Brew With Us: Experimentation is much of the fun in homebrewing. As we get ready to brew a beer this weekend, learn about the creativity and inspiration behind a couple of strange brews I've created.
Breweries run the risk of turning customers off with beers that are “too weird.” But as a homebrewer, you have the freedom to be creative.
A reader asked us in a comment recently about the American pale ale we’re brewing: “Can we follow and brew along if we want to make variations? I’m really interested in trying something with freshly foraged nettle.” The answer: Yes, always.
How is beer made?Water + malt + hops + yeast. Learn what goes into beer and the processes in brewing.
I’ve experimented with some crazy ingredients myself, including chanterelle mushrooms for a seasonal Belgian ale last fall. I was pleasantly surprised by the hints of apricot that the mushrooms added to the fruity aroma created by the Belgian yeast I used.
Another recent concept: seaweed sour beer. Bear with me here …
Recently, I’ve been playing around with my recipe for Berliner weisse — a very light, sour wheat beer fermented with the same bacteria used to sour yogurt and sourdough bread. This bacteria, called lactobacillus, gives the beer a refreshing, dry, tart taste.
I started thinking about how I could modify the Berliner weisse to make it a summer seasonal, and found inspiration in the sea: I came up with an idea to add seaweed and saltwater to a beer to make it taste like summer by the sea.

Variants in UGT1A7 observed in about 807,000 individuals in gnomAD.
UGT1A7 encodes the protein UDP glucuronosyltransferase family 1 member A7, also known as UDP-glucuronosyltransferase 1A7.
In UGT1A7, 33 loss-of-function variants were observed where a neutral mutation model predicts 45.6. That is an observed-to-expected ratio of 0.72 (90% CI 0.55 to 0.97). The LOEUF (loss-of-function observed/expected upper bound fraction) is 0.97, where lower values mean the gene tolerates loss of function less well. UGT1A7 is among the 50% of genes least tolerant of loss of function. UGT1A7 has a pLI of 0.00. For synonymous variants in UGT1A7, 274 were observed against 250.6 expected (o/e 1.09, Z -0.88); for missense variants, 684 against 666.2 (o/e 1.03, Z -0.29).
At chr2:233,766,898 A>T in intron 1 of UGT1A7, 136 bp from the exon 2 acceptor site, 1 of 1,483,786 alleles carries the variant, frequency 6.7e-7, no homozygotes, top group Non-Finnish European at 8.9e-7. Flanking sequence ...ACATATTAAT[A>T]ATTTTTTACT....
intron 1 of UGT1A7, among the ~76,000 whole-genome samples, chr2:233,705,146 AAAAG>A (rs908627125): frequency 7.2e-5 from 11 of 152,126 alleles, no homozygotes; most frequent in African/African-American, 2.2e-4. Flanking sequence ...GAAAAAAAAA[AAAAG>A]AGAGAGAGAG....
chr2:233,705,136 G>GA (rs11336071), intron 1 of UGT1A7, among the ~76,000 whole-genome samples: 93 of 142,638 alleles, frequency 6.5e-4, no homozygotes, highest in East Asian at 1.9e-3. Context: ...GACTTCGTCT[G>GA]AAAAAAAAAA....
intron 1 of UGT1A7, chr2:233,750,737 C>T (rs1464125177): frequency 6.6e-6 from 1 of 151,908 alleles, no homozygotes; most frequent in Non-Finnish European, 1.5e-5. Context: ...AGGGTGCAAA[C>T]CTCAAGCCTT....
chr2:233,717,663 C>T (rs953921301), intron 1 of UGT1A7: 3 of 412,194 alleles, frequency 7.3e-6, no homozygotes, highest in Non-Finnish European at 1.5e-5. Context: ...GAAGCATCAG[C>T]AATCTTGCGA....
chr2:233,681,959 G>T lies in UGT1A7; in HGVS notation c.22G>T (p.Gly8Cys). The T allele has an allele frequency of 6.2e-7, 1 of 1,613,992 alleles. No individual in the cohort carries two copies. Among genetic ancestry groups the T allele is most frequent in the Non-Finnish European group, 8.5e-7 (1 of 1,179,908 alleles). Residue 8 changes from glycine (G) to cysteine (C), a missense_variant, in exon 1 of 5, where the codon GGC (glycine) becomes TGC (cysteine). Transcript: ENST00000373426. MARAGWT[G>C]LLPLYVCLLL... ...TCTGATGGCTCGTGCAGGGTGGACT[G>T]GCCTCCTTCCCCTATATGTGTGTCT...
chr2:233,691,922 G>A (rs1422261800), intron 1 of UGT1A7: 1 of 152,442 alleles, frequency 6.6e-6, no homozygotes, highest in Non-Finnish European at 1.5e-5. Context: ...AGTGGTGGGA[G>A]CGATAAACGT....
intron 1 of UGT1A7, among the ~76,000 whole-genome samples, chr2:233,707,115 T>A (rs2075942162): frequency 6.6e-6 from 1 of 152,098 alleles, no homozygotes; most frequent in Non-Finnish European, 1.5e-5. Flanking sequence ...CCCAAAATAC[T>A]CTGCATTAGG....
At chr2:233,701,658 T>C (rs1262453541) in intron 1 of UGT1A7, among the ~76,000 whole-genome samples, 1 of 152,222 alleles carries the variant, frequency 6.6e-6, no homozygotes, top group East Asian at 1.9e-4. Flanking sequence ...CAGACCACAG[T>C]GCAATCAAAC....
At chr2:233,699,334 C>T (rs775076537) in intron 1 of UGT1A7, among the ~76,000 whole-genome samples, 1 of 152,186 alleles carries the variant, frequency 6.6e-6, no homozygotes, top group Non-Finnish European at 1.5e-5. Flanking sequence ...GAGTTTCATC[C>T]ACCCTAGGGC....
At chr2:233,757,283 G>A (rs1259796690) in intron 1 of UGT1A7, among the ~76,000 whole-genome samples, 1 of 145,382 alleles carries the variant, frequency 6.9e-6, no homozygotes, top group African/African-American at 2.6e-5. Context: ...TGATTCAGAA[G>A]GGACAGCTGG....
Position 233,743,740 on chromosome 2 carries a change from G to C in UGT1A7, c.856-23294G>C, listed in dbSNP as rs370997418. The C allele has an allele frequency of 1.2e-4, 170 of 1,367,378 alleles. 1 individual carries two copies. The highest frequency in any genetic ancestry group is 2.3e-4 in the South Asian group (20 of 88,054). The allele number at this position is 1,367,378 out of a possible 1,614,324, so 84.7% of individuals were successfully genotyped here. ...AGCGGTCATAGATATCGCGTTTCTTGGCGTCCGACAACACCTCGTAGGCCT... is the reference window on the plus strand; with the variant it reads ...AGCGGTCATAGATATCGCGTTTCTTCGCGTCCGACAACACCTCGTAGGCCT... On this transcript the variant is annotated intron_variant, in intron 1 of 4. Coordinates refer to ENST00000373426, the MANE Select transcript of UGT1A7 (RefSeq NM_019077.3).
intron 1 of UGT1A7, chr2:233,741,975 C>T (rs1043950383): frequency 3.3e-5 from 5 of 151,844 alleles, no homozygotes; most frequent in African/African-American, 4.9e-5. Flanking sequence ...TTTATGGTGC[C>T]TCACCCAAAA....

Disgusting? Maybe. But it turns out that seaweed was actually an ancient ingredient used in beer-making, long before hops became a staple of brewing.There’s even a brewery in Scotland that offers a salty, seaworthy “Kelpie Ale.” The brewers add bladderwrack seaweed straight to the wort in the last 10-15 minutes of the boil.
Brewing timelineWhat we’ll accomplish in the weeks ahead
- Brew day (4-5 hours): We'll make the beer starting on May 30. Read part of the recipe covering Brew Day.
- Fermentation (2+ weeks): Deadline to start fermentation is June 6. Read part of the recipe covering fermentation.
- Bottling and conditioning (10+ days): Deadline to bottle beer is June 27. Read part of the recipe covering bottling.
- Drink! The beer will be ready to drink as soon as July 4.
I decided to go even more extreme: Why not add saltwater directly to the beer as well? Salty beers do exist, like the German sour beer “gose” (pronounced gose-uh), similar to Berliner weisse except that it has a salty taste from the water used for brewing.
Saltwater is quite high in sulfates, which can create astringent taste in beer if too much is present. But I decided to just go for it — nothing to lose as a small-time brewer.
I asked a friend to harvest a local variety of bladderwrack for me near Neah Bay, and to scoop up a jar of saltwater. On brew day, a curious co-worker stopped by just as I was about to add the seaweed and saltwater. He was visibly revolted, but I was able to convince him to try a sip before it went into the fermenter.
It was surprisingly drinkable, with hints of the sea. But I’ll have to wait for it to come out of the fermenter in a month or so to find out if anyone else agrees.
Have any weird ideas for a beer yourself? Leave a comment below.